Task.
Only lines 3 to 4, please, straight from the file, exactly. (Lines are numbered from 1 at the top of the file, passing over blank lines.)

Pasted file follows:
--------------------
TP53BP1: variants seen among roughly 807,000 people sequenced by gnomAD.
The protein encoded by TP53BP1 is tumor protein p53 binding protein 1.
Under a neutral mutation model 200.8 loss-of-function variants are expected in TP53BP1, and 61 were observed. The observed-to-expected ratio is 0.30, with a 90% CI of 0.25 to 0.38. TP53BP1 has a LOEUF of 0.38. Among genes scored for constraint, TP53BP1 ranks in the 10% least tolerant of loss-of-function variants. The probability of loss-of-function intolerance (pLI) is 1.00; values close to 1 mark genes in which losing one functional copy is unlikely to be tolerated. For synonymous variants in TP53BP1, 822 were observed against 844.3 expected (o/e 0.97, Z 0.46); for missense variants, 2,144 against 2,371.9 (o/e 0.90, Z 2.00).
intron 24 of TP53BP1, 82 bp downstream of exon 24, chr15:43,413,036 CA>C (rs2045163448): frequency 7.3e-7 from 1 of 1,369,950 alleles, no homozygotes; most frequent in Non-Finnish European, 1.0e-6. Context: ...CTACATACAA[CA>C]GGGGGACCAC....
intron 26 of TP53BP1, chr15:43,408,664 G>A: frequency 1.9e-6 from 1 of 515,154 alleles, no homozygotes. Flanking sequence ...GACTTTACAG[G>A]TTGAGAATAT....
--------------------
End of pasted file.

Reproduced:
Under a neutral mutation model 200.8 loss-of-function variants are expected in TP53BP1, and 61 were observed. The observed-to-expected ratio is 0.30, with a 90% CI of 0.25 to 0.38. TP53BP1 has a LOEUF of 0.38. Among genes scored for constraint, TP53BP1 ranks in the 10% least tolerant of loss-of-function variants. The probability of loss-of-function intolerance (pLI) is 1.00; values close to 1 mark genes in which losing one functional copy is unlikely to be tolerated. For synonymous variants in TP53BP1, 822 were observed against 844.3 expected (o/e 0.97, Z 0.46); for missense variants, 2,144 against 2,371.9 (o/e 0.90, Z 2.00).
intron 24 of TP53BP1, 82 bp downstream of exon 24, chr15:43,413,036 CA>C (rs2045163448): frequency 7.3e-7 from 1 of 1,369,950 alleles, no homozygotes; most frequent in Non-Finnish European, 1.0e-6. Context: ...CTACATACAA[CA>C]GGGGGACCAC....